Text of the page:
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"I will sing of stately Aphrodite, gold-crowned and beautiful, whose dominion is the walled cities of all sea-set Cyprus. There the moist breath of the western wind wafted her over the waves of the loud-moaning sea in soft foam, and there the gold-filleted Hours welcomed her joyously. They clothed her with heavenly garments: on her head they put a fine, well-wrought crown of gold, and in her pierced ears they hung ornaments of orichalc [a highly prized copper alloy, perhaps brass] and precious gold, and adorned her with golden necklaces over her soft neck and snow-white breasts, jewels which the gold-filleted Hours wear themselves whenever they go to their father's house to join the lovely dances of the gods. And when they had fully decked her, they brought her to the gods, who welcomed her when they saw her, giving her their hands. Each one of them prayed that he might lead her home to be his wedded wife, so greatly were they amazed at the beauty of violet-crowned Cytherea."
Homeric Hymn to Aphrodite (VI.1)
Lucan relates that one admirer was so enamored of the statue of Aphrodite that he contrived to be left alone with it over night, leaving a stain on the marble as a mark of his passion (Affairs of the Heart, XV-XVI; also Pliny, VII.127, XXXVI.21-22). That it could have been embraced by an admirer or so impetuously kissed implies at least that the statue was life-sized and on a low pedestal.
Pliny also speaks of Nicias "who was an extremely careful painter of female portraits....It is this Nicias of whom Praxiteles used to say, when asked which of his own works in marble he placed highest, 'The ones to which Nicias has set his hand'—so much value did he assign to his colouring of surfaces'" (XXXV.130, 133). Although it is not known whether Nicias actually did paint the Cnidia, Pliny's account of a collaboration between the two artists does allow the possibility.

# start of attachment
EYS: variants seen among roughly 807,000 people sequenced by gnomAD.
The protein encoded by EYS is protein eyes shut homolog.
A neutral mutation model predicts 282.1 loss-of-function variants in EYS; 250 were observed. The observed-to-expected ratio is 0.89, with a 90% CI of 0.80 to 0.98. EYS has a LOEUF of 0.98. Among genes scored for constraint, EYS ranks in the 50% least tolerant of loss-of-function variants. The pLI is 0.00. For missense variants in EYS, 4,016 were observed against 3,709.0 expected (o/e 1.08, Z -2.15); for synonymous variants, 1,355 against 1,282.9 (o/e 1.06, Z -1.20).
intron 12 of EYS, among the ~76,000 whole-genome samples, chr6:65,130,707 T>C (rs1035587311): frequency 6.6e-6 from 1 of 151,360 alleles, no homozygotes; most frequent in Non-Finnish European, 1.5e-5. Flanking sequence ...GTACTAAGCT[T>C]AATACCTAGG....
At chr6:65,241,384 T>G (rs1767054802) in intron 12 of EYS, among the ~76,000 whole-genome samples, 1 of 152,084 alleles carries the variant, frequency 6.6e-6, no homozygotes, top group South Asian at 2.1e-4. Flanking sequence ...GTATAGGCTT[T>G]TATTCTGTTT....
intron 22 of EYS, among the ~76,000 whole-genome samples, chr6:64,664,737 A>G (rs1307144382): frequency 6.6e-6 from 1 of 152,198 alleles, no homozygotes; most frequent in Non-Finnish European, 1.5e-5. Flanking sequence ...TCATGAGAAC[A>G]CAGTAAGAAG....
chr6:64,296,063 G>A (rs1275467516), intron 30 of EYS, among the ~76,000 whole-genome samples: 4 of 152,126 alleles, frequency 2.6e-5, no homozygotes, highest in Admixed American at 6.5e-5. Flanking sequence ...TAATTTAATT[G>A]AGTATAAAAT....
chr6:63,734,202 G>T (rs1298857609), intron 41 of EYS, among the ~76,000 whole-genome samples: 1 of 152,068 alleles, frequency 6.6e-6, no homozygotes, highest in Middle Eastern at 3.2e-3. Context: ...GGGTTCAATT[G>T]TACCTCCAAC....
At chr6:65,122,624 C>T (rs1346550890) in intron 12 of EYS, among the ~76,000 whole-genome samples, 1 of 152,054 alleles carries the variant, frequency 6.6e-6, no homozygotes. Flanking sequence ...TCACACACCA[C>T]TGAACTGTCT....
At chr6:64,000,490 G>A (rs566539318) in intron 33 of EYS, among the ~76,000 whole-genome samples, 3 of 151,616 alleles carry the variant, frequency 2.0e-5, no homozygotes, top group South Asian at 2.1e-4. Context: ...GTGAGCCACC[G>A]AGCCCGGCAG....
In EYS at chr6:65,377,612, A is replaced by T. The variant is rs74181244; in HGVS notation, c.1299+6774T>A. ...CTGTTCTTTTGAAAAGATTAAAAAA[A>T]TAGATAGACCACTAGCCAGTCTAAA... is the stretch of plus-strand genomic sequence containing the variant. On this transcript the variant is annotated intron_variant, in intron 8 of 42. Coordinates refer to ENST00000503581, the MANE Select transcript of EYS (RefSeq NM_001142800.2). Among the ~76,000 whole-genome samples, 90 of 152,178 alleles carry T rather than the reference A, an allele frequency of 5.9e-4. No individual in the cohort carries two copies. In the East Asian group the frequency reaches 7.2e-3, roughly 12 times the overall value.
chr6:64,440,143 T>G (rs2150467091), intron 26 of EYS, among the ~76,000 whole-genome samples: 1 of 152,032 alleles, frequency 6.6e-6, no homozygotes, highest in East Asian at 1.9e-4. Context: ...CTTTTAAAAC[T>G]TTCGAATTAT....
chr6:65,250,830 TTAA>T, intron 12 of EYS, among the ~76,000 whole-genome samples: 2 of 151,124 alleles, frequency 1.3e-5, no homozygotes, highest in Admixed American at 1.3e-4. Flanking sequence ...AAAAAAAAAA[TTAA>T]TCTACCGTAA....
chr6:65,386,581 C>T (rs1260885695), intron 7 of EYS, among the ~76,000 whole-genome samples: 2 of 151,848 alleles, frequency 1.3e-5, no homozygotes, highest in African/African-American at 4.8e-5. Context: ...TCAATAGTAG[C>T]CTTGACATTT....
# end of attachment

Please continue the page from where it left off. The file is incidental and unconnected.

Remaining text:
It is likely that the hair was yellow or even gilded, as "golden" is the epithet mostly frequently applied to Aphrodite. Any jewelry, such as an armlet, also would have been in gilt, as may have been the water jar next to her. The eyes, too, would have been colored, as would her cheeks and lips and her discarded gown. Such delicate tinting presumably would have made casts impossible, which may account for such poor copies of the original statue.
A member of the Royal Academy, John Gibson was one of the first neoclassical sculptors to paint his marble statues. His Venus (1862), which is in the Walker Art Gallery (Liverpool), holds the golden apple offered to her by Paris. It both entranced and scandalized Victorian society, and also suggests the same polychrome realism of the Cnidian Aphrodite.
Reference: Homeric Hymns (1914) translated by Hugh G. Evelyn-White (Loeb Classical Library); Lucian: Amores (Vol. VIII) (1967) translated by M. D. MacLeod (Loeb Classical Library).
See also Amazons.
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